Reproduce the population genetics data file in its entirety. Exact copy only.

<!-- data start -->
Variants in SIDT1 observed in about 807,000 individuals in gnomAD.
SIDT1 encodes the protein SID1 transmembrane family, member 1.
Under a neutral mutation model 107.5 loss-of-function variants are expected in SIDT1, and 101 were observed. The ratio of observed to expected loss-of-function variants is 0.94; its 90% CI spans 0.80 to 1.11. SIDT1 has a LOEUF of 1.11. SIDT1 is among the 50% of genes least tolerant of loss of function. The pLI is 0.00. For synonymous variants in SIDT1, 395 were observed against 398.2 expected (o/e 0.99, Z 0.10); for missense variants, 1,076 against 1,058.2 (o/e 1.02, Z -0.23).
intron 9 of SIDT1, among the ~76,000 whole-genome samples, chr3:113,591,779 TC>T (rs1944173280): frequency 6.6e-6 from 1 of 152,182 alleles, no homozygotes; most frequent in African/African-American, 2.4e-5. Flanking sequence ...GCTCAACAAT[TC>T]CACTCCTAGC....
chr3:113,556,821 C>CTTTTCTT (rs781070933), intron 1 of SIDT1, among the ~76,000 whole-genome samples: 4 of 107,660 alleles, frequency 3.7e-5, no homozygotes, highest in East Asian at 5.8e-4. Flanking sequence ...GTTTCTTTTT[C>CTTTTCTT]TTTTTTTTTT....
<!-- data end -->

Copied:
Variants in SIDT1 observed in about 807,000 individuals in gnomAD.
SIDT1 encodes the protein SID1 transmembrane family, member 1.
Under a neutral mutation model 107.5 loss-of-function variants are expected in SIDT1, and 101 were observed. The ratio of observed to expected loss-of-function variants is 0.94; its 90% CI spans 0.80 to 1.11. SIDT1 has a LOEUF of 1.11. SIDT1 is among the 50% of genes least tolerant of loss of function. The pLI is 0.00. For synonymous variants in SIDT1, 395 were observed against 398.2 expected (o/e 0.99, Z 0.10); for missense variants, 1,076 against 1,058.2 (o/e 1.02, Z -0.23).
intron 9 of SIDT1, among the ~76,000 whole-genome samples, chr3:113,591,779 TC>T (rs1944173280): frequency 6.6e-6 from 1 of 152,182 alleles, no homozygotes; most frequent in African/African-American, 2.4e-5. Flanking sequence ...GCTCAACAAT[TC>T]CACTCCTAGC....
chr3:113,556,821 C>CTTTTCTT (rs781070933), intron 1 of SIDT1, among the ~76,000 whole-genome samples: 4 of 107,660 alleles, frequency 3.7e-5, no homozygotes, highest in East Asian at 5.8e-4. Flanking sequence ...GTTTCTTTTT[C>CTTTTCTT]TTTTTTTTTT....